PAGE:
Flying With Wheels – Our Top Tips
When my wife and I first got together (almost exactly 15 years ago), we spent a lot of time traveling and going on city breaks. Ever since MS entered the story (and since having our child), this has been a little more complicated. But recently we traveled from the UK to Philadelphia for HUConnexion18. This had an extra level of planning as it was our first time traveling with a wheelchair.
These might be old news for some readers but hopefully it will be useful for some of you.
If your wheelchair has lots of removable parts, pack a big blue Ikea bag in your hand luggage. In our case this meant that my seat cushion and foot plates could be easily go in the overhead storage. We also had luggage tags for the chair and Bungee Cord Straps (with hooks) to secure the chassis and the wheels.
People with MS are used to planning to the nth degree whenever they go anywhere. But I called the airline we were traveling with at least three times before our flight. This was our first time traveling with a wheelchair and we weren’t sure how it was going to work.
However, they advised us to check our chair in with our luggage. This turned out to be not the best decision for us.
On our outward flight, after checking in our luggage and picking up an airport wheelchair, we were left to our own devices. If we’d have kept our own chair it would’ve at least given me an option to propel myself for a bit. As it was, my wife had to push me around the airport before our outward flight.
Next time, we will insist on keeping our chair with us until we are on the plane – then we’ll strip the breakables off, use our luggage straps to secure the chassis, and the chair can be dropped straight into the hold.
Our airline made this sound like a major pain in the neck but we’ll insist in the future. At least we’ll know for sure that my chair is on the right flight!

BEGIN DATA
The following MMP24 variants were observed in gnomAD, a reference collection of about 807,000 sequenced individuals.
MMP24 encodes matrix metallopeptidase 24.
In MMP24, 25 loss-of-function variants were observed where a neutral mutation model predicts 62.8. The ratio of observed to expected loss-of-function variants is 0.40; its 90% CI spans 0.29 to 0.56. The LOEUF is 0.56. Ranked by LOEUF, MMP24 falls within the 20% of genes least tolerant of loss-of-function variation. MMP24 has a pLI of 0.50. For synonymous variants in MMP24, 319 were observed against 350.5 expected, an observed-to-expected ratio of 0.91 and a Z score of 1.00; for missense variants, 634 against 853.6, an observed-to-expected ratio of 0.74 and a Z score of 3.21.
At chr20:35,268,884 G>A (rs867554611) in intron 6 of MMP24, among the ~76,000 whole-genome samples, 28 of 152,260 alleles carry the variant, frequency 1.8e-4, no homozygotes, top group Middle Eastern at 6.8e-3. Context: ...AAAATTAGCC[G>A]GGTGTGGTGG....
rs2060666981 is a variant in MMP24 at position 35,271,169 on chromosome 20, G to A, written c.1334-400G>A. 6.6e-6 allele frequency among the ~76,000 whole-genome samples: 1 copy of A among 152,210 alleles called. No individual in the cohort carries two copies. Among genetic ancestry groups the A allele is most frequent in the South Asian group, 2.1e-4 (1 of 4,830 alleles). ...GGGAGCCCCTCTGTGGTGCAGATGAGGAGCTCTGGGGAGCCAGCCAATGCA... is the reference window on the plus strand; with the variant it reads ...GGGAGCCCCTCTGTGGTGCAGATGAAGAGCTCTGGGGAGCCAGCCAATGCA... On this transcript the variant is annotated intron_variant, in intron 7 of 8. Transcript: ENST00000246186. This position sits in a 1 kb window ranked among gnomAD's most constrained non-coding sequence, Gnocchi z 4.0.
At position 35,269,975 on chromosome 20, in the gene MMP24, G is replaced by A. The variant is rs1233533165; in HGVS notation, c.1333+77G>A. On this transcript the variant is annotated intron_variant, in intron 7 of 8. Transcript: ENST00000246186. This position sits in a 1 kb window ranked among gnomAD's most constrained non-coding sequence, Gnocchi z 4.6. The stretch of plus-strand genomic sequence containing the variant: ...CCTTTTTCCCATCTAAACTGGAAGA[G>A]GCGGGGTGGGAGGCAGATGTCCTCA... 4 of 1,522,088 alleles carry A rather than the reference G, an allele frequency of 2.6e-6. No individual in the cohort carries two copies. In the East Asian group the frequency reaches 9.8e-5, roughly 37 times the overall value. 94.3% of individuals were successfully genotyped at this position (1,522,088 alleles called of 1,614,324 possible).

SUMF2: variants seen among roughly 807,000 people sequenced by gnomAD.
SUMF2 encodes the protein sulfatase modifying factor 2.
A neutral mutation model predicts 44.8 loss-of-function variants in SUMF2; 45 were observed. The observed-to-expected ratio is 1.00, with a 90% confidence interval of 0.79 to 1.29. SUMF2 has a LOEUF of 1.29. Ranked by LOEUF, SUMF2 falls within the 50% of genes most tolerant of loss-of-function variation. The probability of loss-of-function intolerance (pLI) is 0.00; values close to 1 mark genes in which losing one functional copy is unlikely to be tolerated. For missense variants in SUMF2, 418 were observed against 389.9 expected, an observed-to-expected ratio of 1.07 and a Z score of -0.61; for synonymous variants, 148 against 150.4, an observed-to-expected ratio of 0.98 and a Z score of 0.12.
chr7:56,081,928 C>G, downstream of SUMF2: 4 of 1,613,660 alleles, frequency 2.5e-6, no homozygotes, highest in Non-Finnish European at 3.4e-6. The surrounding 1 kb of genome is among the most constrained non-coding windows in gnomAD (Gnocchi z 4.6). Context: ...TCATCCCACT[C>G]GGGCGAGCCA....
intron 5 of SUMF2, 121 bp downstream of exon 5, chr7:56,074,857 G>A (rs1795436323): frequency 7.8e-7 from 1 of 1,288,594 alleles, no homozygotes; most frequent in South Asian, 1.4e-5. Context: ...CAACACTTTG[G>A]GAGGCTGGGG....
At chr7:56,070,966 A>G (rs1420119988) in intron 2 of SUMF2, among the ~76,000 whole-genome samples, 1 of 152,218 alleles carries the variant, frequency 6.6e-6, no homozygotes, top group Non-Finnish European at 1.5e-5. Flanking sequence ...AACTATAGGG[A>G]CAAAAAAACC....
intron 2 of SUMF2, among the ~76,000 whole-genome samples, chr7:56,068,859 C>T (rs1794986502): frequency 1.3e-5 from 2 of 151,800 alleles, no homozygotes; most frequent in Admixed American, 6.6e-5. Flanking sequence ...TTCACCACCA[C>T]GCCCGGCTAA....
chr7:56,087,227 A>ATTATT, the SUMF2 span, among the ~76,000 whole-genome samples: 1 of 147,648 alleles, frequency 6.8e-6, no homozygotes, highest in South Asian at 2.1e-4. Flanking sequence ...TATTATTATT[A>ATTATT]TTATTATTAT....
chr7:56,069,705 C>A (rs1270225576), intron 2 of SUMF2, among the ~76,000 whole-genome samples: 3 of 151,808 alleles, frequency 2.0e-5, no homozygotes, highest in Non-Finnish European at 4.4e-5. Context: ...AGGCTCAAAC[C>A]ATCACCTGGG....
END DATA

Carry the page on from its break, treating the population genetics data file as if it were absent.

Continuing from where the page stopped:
Get to the airport as early as possible
No, I don’t really get why people with MS aren’t entitled to more rest when traveling. But this seems to be our cross to bear.
We ended up getting stuck in traffic traveling to our outward flight. Which meant that we got a bit panicky which doesn’t help anyone. Luckily we’re quick learners – for the flight back we arrived at least four hours before we were due to leave. It might sound ridiculous, but at least this gave us time to catch our breath!
Wear slip-on shoes!
Self-explanatory. Air security continues to be tough. The chances are you’ll be asked to remove your shoes at least once when you go through security. Don’t hold everyone up – you know how impatient they can be! Similarly, it helped that we spent some time sorting out our hand luggage in advance.
Request assistance – frequently!
One thing we learned (and which is a constant battle for me to this day) is that there’s no shame in asking for assistance. On our return we had a member of airport staff to help get me from the entrance right up to the gate.
Which was great up until they dropped us off and took the wheelchair away… and we realized that the nearest toilets were miles away. And then our flight was promptly moved to a different gate. So we were stuck!
Brilliantly we got a member of airport staff to get us one of those cool golf buggy-type vehicles to speed us to our actual gate.
As I said before, we were super-early for this flight. Which meant that when we noticed flight attendants getting ready for boarding, my wife asked if we might be able to get on the plane first.
This was brilliant – I never liked fighting through crowds of impatient people even before I was diagnosed. Another thing I never understood about air travel is why everyone wants to dash off the plane as soon as they’ve landed. We had a perfect excuse to wait until everyone else had disembarked.
And guess what? Our suitcases took the same amount of time to arrive!
It was stressful in the build up with all of the extra planning. But it was SO worth it. Everybody was really helpful and we’ll feel more confident about traveling next time (Italy in July).
But we know one succesful flight doesn’t make us experts. What other tips do you have?
This article represents the opinions, thoughts, and experiences of the author; none of this content has been paid for by any advertiser. The MultipleSclerosis.net team does not recommend or endorse any products or treatments discussed herein. Learn more about how we maintain editorial integrity here.